In the South, the best hot rodders were usually moonshiners or those that built their cars and engines. The history of NASCAR is a testament to that. I found it very interesting that there were so many Chrysler products on the show, along with a few AMC models.
A good military, UFO, or action series will usually have me captive for an hour.
Today, even with all the available channels, I realize that there is nothing to watch. It is akin to standing in front of a refrigerator full of food but seeing nothing that catches your fancy to satisfy your craving.
To this cause, about ten years ago, my wife Charlotte gave me a birthday present of Seasons 1 and 2 of The Dukes of Hazard – the quintessential, red-blooded American car guy TV series. Sadly, I did not watch them until recently, though. Now I have to admit in 1979 when the Dukes premiered on TV, I enjoyed it… but I was more enthralled with Daisy and her gams than the escapades of General Lee. I do not believe that has changed much for me in the past forty years!
But I must admit that I have a newfound respect for that series. I enjoyed all the episodes in the first two seasons. Being a country boy, I long for the old days when the roads were empty as is in the TV show. Even though the Duke Boys were a little too aggressive in their driving style for my liking. But give me a dirt road and some good old American horsepower under the hood, and I would be known to make more than a bit of dust myself!
And the ruralness of the filming locations (first in Georgia and then in California) will forever pull at my heartstrings. Many would critique the acting and script as being at best simplistic – but it resonated with me today since I am older.
Now I beg to ask why does life need to be so complicated in 2022? Why do so many today claim the paint scheme on the Duke’s Dodge Charger is offensive? Why is it wrong for me to have a picture on my desk of my wife that I love sporting a golden tan, cut-offs, high-heels, and a halter top?
Yet the series mimicked reality with Boss Hogg’s greed, Sheriff Roscoe’s change of persona after losing his pension, and the Duke Family’s rock-solid core values even though they were retired (thanks to the U.S. Government) moonshiners.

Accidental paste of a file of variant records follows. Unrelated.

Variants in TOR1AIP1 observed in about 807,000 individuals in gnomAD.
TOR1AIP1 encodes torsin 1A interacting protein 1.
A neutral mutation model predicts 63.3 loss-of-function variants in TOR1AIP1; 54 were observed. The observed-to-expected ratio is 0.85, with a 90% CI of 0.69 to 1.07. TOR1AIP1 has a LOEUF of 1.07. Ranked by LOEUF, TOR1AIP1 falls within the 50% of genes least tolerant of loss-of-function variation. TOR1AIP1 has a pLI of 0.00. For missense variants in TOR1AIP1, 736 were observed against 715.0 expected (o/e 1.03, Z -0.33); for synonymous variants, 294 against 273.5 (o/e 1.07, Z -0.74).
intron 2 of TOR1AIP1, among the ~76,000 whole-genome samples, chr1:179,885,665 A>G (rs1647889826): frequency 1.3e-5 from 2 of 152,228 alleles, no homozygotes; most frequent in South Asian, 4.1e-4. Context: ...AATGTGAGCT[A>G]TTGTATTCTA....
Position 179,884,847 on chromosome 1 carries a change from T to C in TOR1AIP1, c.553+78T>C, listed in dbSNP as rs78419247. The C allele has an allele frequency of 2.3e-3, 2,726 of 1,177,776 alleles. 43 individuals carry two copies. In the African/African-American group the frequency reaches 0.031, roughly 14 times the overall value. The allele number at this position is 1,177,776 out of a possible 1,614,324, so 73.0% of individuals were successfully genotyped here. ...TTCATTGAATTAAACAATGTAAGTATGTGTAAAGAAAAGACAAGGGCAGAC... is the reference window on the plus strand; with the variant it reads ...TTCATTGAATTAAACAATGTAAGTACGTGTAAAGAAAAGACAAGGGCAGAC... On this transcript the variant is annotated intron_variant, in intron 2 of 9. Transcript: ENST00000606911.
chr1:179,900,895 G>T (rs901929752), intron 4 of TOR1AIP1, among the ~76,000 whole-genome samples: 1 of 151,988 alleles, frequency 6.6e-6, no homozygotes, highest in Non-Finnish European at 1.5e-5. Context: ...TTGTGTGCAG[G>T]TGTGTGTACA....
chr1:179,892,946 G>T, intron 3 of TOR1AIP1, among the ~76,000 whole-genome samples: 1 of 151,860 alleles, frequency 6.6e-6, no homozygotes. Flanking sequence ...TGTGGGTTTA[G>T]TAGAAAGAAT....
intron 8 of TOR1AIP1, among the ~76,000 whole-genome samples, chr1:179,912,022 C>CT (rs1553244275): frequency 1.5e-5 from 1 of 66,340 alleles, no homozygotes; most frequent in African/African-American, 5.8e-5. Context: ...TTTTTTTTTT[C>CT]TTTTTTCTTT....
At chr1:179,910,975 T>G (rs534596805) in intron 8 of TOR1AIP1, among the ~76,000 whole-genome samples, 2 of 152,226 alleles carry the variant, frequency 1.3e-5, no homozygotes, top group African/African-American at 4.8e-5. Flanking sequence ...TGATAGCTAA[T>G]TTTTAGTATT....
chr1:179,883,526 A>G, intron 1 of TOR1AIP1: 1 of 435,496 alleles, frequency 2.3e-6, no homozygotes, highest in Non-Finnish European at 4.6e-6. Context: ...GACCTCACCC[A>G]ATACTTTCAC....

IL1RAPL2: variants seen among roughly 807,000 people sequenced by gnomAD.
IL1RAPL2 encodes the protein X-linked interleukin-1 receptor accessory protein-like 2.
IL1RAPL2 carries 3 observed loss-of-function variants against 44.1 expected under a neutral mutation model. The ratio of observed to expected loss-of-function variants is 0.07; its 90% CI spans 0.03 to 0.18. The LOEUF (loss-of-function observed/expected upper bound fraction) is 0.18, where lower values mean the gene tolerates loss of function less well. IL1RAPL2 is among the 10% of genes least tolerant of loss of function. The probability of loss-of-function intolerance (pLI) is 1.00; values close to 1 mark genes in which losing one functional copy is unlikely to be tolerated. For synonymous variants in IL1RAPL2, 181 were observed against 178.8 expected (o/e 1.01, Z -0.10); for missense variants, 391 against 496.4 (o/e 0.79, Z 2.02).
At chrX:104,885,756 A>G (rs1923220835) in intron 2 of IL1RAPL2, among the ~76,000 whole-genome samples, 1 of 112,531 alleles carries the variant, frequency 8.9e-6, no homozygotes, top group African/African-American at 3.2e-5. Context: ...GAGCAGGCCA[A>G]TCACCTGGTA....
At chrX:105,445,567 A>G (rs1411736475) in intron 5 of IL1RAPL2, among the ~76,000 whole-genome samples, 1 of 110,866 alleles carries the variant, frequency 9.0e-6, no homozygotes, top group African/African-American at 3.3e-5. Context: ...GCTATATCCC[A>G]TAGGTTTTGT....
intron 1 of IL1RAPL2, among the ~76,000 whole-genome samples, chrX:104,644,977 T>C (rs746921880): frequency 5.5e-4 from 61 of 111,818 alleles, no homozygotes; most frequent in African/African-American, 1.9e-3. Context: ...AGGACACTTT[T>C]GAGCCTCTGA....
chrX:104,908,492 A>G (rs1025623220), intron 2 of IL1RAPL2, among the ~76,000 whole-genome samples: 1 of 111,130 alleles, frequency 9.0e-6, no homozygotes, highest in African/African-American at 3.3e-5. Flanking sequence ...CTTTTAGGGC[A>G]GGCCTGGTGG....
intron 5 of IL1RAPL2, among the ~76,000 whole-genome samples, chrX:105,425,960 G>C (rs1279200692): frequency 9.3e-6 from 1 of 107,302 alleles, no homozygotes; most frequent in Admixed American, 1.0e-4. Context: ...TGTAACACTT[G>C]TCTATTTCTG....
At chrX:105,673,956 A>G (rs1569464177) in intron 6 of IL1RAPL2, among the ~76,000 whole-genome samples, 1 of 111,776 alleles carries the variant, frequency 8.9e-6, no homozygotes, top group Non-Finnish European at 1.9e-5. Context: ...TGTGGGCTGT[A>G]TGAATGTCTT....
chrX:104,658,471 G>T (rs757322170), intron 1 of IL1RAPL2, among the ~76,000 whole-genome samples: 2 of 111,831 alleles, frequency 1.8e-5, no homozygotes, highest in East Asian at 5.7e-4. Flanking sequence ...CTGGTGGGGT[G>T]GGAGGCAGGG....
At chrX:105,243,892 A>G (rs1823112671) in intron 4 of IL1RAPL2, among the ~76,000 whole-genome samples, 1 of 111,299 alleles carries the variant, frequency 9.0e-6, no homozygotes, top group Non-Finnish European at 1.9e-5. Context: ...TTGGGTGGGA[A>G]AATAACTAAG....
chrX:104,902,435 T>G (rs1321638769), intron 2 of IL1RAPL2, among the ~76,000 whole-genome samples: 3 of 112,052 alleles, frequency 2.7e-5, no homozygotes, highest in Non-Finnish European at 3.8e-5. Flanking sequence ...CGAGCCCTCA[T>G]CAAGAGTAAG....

Many of the local constabulary jump scenes began using a Chrysler product. Still, the actual jump was accomplished with an AMC Matador sedan. Usually of 1974 vintage with its huge crash bumpers.
One episode featured the “bad guys” that the Dukes were tangling with driving a 1971 AMC Matador four-door sedan with stamped steel wheels and hubcaps. In that scene, the AMC takes off down a two-lane paved road. Low and behold, you have to listen, but it chirped the tires pretty good on the 1-2 shift! I could not believe my ears, so I rewound and played it over again a few times to confirm what I thought I heard above the shucking and jiving of Bo and Luke.
I tried like anything to see if the Matador had dual exhausts, that would make it a 401 car, but I could not tell. Regardless, it was tuned to perfection, based on how it ripped the tires on that first shift.
Having never worked in the movies, I was very impressed. It took a great deal of talent to have the police cruisers shed their body parts on queue. We may take that for granted as we sit in an armchair and laugh at the ridiculousness, but that was not easy to make happen. There was a lot more talent on that set than first meets the eye, both in mechanical aptitude and driving prowess.
What struck a chord with me was how in 1979, all the wrecked cars were considered consumables. So commonplace they could readily be destroyed.
Though most were not legitimate muscle cars, who would not want the nice two-door 1971 Plymouth Satellite that Daisy had in a few episodes before moving up to a 1974-version, then later to a new at the time Jeep CJ? The same can be said about Uncle Jesse’s 1970s Ford F-100 short-bed, the Matador that ripped the tires, or even Boss Hogg’s Caddy, albeit sans the steer horns on the hood.
How times have changed – those cars would be way too precious today to be destroyed as they were.
But what I enjoyed most was the purity of the underlying theme. No one got hurt or killed, there was no sex or suggestion of it, and as Waylon Jennings sang in the theme, the Duke Boys were just modern-day Robin Hoods – misunderstood and incorruptible backwoods car guys.
Some of you may disagree, but I think the world would be a better place today if we had a good deal more people like Bo and Luke, and a few Daisy Dukes wouldn’t hurt either!